Some thoughts on Kenyan MPs and their salaries

Update: Sarah Serem and the SRC appear to be backtracking and are now “open to dialogue” with MPs over their pay.

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“False standards are set with salary scales for MPs, Ministers and top civil servants that the country cannot possibly afford in a time when examples not of extravagance but of austerity and sacrifice should be set. In 1963 MPs earned K£ 620 a year [in present terms about Ksh 89,704.34 a month].

This was increased to K£ 840 then to K£ 1200 a year [about Ksh 173,619.53 a month in present terms], making three increases and a doubling of salary in less than three years (And the K£ 100 a month is augmented by a daily sitting allowance, plus mileage and other allowances). Junior Ministers earn K£ 2260 a year. The President’s salary has been fixed at K£ 15,000 a year tax free and including other emoluments……. In six months an MP receives more money than the average peasant earns in half a life-time.”

That is Oginga Odinga writing in his autobiography Not Yet Uhuru.

As Kenyan MPs prepare to adopt a report this afternoon that will allegedly give the Parliamentary Service Commission legal cover to grant them a 59% pay rise, we should remember that this is not a new phenomenon. Top public officers in Kenya, and in particular MPs, have always been remunerated well relative to the country’s per capita income.

Activists block the entrance to the National Assembly in protest at MPigs' greed

Activists block the entrance Parliament in Nairobi with a sow and piglets in protest at the greed of “MPigs”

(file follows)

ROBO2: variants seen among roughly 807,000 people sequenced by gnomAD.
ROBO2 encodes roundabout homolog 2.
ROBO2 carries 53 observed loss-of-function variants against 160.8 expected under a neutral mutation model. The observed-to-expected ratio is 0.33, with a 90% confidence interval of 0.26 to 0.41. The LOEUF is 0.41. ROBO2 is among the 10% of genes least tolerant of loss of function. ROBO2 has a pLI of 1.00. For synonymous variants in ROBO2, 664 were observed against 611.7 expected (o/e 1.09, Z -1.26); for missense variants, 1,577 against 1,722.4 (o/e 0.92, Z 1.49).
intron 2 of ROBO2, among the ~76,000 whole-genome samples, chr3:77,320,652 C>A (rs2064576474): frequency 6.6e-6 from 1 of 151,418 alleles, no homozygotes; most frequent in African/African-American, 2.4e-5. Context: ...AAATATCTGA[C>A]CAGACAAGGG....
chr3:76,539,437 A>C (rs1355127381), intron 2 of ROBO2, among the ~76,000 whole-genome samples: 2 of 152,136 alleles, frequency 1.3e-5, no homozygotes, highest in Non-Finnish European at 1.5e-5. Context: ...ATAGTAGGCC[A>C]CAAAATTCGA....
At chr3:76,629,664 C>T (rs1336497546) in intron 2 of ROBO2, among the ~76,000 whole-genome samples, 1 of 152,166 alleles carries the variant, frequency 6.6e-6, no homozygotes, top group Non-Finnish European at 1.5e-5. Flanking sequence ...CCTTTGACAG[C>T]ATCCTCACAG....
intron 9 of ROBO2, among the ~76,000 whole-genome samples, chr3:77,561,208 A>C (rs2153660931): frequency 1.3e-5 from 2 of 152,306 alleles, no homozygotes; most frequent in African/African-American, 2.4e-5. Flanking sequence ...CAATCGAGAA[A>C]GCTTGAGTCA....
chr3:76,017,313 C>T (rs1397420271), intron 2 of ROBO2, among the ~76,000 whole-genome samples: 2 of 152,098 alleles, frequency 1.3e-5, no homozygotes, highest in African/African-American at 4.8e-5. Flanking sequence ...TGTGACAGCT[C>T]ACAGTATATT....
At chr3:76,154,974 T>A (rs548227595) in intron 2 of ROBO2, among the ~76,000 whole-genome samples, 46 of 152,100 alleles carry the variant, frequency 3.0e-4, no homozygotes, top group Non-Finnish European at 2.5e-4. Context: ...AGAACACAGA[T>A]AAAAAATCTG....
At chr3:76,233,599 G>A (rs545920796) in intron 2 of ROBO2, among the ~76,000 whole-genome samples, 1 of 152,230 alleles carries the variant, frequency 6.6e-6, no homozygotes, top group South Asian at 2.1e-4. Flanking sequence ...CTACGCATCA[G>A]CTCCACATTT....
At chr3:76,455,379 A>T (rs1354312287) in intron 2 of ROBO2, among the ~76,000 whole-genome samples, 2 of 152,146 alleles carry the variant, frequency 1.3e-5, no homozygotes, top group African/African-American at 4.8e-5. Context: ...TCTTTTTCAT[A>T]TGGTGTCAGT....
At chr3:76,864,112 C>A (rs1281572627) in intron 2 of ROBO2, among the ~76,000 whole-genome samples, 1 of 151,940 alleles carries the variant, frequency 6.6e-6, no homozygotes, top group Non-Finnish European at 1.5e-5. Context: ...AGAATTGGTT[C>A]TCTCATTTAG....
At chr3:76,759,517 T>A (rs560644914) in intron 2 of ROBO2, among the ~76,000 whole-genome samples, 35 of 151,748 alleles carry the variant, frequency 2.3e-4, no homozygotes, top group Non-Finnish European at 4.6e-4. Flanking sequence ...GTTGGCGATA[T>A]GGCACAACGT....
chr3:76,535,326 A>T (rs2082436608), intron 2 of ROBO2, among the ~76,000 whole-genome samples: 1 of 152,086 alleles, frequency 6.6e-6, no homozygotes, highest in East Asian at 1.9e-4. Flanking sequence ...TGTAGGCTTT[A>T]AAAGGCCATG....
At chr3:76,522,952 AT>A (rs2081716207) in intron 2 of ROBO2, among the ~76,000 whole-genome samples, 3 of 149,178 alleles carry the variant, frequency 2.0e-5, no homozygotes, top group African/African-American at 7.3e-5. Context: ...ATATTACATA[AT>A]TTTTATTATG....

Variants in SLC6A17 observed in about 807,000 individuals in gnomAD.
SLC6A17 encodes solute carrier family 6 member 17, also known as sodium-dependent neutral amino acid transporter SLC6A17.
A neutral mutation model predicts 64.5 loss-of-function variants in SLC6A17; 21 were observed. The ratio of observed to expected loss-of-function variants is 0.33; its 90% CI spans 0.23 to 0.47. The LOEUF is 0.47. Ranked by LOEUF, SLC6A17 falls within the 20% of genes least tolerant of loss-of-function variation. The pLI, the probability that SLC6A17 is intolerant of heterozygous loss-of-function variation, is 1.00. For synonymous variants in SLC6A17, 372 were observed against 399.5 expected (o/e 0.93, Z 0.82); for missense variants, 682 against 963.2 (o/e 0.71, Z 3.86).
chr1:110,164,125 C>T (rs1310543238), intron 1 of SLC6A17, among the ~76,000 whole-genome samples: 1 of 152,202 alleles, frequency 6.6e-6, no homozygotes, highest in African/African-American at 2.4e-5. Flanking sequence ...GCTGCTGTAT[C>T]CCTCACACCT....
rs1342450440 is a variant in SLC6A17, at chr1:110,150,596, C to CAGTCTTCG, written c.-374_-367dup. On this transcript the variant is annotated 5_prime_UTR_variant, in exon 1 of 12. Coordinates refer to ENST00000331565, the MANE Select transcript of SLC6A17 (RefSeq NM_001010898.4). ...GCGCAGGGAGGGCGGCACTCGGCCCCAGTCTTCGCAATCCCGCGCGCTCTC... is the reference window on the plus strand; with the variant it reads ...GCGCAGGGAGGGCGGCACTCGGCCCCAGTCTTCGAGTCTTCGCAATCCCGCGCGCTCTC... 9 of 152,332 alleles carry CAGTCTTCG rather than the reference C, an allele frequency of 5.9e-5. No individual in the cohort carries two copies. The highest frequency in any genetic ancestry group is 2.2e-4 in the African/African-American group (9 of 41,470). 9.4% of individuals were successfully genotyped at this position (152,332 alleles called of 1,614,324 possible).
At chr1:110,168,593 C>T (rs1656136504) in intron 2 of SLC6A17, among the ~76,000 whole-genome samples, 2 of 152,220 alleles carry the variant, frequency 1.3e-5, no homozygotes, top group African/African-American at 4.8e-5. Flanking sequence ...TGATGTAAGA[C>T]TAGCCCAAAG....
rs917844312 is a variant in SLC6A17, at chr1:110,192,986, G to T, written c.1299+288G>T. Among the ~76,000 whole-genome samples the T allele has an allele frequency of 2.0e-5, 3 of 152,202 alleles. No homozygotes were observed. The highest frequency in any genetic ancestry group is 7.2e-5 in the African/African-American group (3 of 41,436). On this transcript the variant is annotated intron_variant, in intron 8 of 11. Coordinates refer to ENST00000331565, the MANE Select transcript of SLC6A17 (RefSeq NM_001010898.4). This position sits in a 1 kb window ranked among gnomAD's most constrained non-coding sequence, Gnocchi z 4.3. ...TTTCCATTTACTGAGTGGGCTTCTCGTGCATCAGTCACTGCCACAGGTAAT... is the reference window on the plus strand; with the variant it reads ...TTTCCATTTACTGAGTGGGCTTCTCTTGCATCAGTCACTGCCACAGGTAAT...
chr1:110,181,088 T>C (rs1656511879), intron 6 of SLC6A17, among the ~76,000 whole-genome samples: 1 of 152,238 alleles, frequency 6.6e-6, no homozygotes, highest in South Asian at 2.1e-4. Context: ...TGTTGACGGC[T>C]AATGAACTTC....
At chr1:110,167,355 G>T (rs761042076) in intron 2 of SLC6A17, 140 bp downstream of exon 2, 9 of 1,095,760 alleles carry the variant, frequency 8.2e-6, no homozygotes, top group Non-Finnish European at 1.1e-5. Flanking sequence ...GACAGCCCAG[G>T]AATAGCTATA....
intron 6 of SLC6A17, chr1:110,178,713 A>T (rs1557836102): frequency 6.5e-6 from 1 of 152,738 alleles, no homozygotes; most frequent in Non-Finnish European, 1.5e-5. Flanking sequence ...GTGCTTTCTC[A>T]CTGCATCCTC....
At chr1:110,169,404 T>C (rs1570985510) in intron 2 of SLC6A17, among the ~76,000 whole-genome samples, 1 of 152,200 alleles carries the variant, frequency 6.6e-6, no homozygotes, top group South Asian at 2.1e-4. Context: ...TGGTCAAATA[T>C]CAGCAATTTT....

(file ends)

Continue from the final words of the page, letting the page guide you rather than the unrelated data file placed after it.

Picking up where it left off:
I must admit that as a researcher on legislatures in Africa, and Kenya and Zambia in particular, the issue of how to look at MPs’ salaries is not a straightforward one. On the one hand it is absolutely obscene that in a poor country like Kenya MPs make more than their counterparts in far much wealthier countries in Western Europe. But on the other hand I also realize the importance of shielding the House from the influence of money bags from State House. Poorer paid parliamentarians across the Continent (including in “shining star” Ghana) live and work at the mercy of the executive. It is no coincidence that Barkan and colleagues concluded in Legislative Power in Emerging African Democracies that Kenya has the strongest legislature in the region.

The ratio of the president’s pay to MPs’ is instructive. Back in the sixties, the president made 12.5 times what the MPs made. That ratio has since shrunk to less than 2.5.

As Oloo Aringo passionately argued in the late 1990s and early 2000s, the high pay of Kenyan MPs is partly responsible for the rise in legislative power in Kenya (Part of my work in the dissertation, among other things, will be to convince you that this is true – that relative pay of MPs matters. Stay tuned). In the present Kenyan case there is an argument to be made for the Salaries and Remuneration Commission (SRC) to review the salaries of all State Officers; and to bump MPs higher up the totem pole (by cutting the pay of other state officers) than where they are right now as far as their pay is concerned. Ms Serem’s first stop should be the numerous seminars,workshops & capacity building obsessed talking shops independent constitutional commissions that continue to drain the exchequer with nothing to show for their work (OK, I’ll admit that some of the commissions are useful).